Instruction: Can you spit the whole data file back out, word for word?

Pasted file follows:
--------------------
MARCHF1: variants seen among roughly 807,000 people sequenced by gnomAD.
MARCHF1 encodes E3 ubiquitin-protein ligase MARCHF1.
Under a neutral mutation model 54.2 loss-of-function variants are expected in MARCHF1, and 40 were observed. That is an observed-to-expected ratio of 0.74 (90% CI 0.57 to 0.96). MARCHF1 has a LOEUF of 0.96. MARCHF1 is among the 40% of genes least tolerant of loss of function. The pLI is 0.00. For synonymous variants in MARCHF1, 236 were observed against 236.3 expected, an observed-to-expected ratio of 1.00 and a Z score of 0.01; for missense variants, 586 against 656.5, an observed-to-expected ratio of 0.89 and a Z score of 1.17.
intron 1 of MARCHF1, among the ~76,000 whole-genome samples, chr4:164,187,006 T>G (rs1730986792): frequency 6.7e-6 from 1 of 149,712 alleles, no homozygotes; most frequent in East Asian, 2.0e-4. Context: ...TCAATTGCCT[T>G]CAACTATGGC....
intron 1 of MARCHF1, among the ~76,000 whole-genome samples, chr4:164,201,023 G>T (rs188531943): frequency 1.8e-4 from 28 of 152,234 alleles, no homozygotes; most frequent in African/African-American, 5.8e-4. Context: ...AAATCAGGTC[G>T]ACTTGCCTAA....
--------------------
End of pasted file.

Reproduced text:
MARCHF1: variants seen among roughly 807,000 people sequenced by gnomAD.
MARCHF1 encodes E3 ubiquitin-protein ligase MARCHF1.
Under a neutral mutation model 54.2 loss-of-function variants are expected in MARCHF1, and 40 were observed. That is an observed-to-expected ratio of 0.74 (90% CI 0.57 to 0.96). MARCHF1 has a LOEUF of 0.96. MARCHF1 is among the 40% of genes least tolerant of loss of function. The pLI is 0.00. For synonymous variants in MARCHF1, 236 were observed against 236.3 expected, an observed-to-expected ratio of 1.00 and a Z score of 0.01; for missense variants, 586 against 656.5, an observed-to-expected ratio of 0.89 and a Z score of 1.17.
intron 1 of MARCHF1, among the ~76,000 whole-genome samples, chr4:164,187,006 T>G (rs1730986792): frequency 6.7e-6 from 1 of 149,712 alleles, no homozygotes; most frequent in East Asian, 2.0e-4. Context: ...TCAATTGCCT[T>G]CAACTATGGC....
intron 1 of MARCHF1, among the ~76,000 whole-genome samples, chr4:164,201,023 G>T (rs188531943): frequency 1.8e-4 from 28 of 152,234 alleles, no homozygotes; most frequent in African/African-American, 5.8e-4. Context: ...AAATCAGGTC[G>T]ACTTGCCTAA....